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Insurance ‘town hall’ latest in church’s ongoing Hurricane Ian response

Tom Ascol, in cap, talks with a volunteer as items are collected in Grace Baptist Church's sanctuary in the aftermath of Hurricane Ian. Photo from Randy Starkey photography

CAPE CORAL, Fla. (BP) – As the emotional and physical trauma from the damage brought by Hurricane Ian continues to impact the southwest Florida peninsula, Grace Baptist Church expanded its ministry response by hosting a town hall-type meeting Dec. 13 for those with insurance questions.

About 50 people attended the event that consisted of a panel of attorneys and professionals acquainted with the insurance industry.

Grace became a hub for relief supplies and ministry in the days after Ian’s Sept. 28 landfall. During that time the sanctuary served as a gathering spot for food, water, baby supplies and numerous other items needed to replace those that had either been blown away or were under piles of rubble.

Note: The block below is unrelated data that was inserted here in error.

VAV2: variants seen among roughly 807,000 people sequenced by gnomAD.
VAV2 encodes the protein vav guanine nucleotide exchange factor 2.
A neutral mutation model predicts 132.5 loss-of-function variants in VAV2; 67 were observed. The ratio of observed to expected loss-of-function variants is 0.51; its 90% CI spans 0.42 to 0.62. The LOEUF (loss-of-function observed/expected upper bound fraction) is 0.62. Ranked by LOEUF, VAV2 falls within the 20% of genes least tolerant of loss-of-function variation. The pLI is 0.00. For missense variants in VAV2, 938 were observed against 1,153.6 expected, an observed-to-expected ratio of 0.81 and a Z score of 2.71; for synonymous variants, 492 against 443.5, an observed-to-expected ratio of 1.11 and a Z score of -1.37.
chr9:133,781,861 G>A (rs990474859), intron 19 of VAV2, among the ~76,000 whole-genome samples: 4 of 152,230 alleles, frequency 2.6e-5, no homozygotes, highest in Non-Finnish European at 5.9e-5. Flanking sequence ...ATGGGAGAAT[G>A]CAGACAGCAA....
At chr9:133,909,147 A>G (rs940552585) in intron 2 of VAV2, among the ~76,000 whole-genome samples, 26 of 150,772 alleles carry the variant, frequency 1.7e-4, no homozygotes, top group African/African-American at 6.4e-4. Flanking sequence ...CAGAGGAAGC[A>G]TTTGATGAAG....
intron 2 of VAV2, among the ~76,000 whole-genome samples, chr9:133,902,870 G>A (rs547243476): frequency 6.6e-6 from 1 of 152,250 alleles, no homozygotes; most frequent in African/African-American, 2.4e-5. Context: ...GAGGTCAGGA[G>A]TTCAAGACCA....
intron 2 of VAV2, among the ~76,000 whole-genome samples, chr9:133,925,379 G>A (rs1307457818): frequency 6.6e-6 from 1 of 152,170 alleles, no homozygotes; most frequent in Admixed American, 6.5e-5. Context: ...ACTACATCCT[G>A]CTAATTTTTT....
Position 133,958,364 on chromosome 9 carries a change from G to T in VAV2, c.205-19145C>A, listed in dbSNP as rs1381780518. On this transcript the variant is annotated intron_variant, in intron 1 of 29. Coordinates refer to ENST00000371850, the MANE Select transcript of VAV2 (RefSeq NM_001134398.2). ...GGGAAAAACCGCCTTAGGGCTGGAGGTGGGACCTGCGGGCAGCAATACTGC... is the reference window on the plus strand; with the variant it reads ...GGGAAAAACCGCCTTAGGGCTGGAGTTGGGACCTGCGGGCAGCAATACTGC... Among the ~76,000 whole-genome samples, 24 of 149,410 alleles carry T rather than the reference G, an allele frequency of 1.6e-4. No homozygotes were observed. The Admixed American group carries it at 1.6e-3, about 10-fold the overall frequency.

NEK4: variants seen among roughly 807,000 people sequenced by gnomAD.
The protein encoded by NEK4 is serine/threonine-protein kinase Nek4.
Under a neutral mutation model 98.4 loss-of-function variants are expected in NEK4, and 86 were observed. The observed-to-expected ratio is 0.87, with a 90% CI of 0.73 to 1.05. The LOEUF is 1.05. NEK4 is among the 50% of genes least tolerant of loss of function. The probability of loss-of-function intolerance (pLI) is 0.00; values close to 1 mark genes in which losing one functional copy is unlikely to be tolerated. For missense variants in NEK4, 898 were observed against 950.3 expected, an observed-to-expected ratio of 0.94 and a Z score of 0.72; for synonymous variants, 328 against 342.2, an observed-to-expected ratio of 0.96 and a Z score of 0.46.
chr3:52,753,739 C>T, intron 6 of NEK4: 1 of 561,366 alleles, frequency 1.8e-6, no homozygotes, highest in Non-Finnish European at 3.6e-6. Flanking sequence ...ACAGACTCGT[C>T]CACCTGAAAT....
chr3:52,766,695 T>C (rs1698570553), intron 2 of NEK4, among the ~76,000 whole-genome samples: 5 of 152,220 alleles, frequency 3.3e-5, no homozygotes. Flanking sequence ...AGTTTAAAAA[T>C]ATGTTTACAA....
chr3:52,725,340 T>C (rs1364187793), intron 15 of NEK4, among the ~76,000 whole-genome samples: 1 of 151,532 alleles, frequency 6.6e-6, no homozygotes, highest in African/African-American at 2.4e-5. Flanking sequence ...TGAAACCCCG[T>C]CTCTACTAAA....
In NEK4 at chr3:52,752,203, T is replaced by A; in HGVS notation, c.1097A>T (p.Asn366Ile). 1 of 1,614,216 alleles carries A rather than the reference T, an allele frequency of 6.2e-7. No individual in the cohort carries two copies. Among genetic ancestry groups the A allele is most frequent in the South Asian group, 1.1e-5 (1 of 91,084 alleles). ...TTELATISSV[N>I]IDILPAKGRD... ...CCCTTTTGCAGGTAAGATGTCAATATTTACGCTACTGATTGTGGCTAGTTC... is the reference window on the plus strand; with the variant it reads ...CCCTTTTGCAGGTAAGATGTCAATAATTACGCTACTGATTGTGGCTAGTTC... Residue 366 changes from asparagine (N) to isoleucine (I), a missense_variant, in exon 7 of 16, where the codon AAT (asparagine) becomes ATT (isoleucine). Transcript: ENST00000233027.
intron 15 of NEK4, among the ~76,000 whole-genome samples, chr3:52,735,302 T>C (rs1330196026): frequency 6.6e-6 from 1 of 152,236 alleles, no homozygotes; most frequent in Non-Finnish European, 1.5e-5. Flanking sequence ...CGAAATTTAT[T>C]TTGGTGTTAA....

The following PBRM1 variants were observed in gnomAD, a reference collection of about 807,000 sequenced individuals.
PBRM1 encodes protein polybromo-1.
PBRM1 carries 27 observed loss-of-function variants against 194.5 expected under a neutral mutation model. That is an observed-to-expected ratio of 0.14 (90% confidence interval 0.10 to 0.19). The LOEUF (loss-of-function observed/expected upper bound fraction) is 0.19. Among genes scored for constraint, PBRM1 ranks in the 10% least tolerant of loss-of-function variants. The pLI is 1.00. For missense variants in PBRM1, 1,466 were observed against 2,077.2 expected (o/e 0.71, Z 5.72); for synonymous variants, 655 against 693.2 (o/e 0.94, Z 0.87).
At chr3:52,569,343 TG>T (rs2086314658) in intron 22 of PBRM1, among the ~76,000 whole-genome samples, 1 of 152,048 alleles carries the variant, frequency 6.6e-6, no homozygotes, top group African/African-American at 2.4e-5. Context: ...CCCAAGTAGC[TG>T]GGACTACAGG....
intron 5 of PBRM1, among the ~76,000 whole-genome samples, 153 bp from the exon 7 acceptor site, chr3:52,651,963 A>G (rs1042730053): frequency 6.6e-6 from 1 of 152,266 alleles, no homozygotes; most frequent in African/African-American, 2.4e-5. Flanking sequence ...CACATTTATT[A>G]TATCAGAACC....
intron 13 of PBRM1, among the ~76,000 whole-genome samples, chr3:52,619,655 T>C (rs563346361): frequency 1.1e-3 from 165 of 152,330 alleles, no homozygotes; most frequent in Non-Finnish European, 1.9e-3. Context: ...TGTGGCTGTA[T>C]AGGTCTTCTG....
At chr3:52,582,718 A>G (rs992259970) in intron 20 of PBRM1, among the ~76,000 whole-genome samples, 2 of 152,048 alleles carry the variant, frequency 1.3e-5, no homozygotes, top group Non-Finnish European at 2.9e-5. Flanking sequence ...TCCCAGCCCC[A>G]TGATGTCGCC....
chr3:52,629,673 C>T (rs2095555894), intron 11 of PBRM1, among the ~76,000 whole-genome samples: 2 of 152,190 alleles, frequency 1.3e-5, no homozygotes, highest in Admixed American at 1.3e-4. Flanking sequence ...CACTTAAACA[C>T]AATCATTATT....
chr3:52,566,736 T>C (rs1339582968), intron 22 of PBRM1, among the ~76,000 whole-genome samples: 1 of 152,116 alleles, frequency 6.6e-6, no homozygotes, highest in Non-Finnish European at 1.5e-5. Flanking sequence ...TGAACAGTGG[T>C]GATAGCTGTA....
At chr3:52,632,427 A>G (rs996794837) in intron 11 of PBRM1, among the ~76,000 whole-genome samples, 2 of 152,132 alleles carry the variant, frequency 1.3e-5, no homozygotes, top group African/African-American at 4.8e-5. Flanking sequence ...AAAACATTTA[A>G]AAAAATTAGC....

Senior Pastor Tom Ascol preaches in the dark on Oct. 2, days after Hurricane Ian struck southwest Florida and knocked out power to the region. Photo from Randy Starkey photography

The church building itself sustained damage to its roof and will need to be replaced, Senior Pastor Tom Ascol told Baptist Press. The loss of several damaged air conditioning units was felt in the Florida humidity alongside temperatures that remained in the high 80s and into the 90s.

“We’re back on a regular schedule; we just don’t have all of our classes running again,” he said. “We met outside for a little bit.”

The first post-Ian Sunday Service, Oct. 2, was held in the darkened fellowship hall, with attendees spilling outside.

“There was no electricity, so I just shouted,” Ascol chuckled. “It was brief, because it was hot.”

Grace began meeting in its worship center again on Oct. 15 in the mornings. Corporate prayer meetings resumed Oct. 19 with regular Sunday evening services returning Oct. 30. Some children’s Sunday School classes are back, as is one unified adult class – “Theology of Tragedy and Suffering” – taught by Ascol. Hopes are to resume remaining classes by Jan. 8.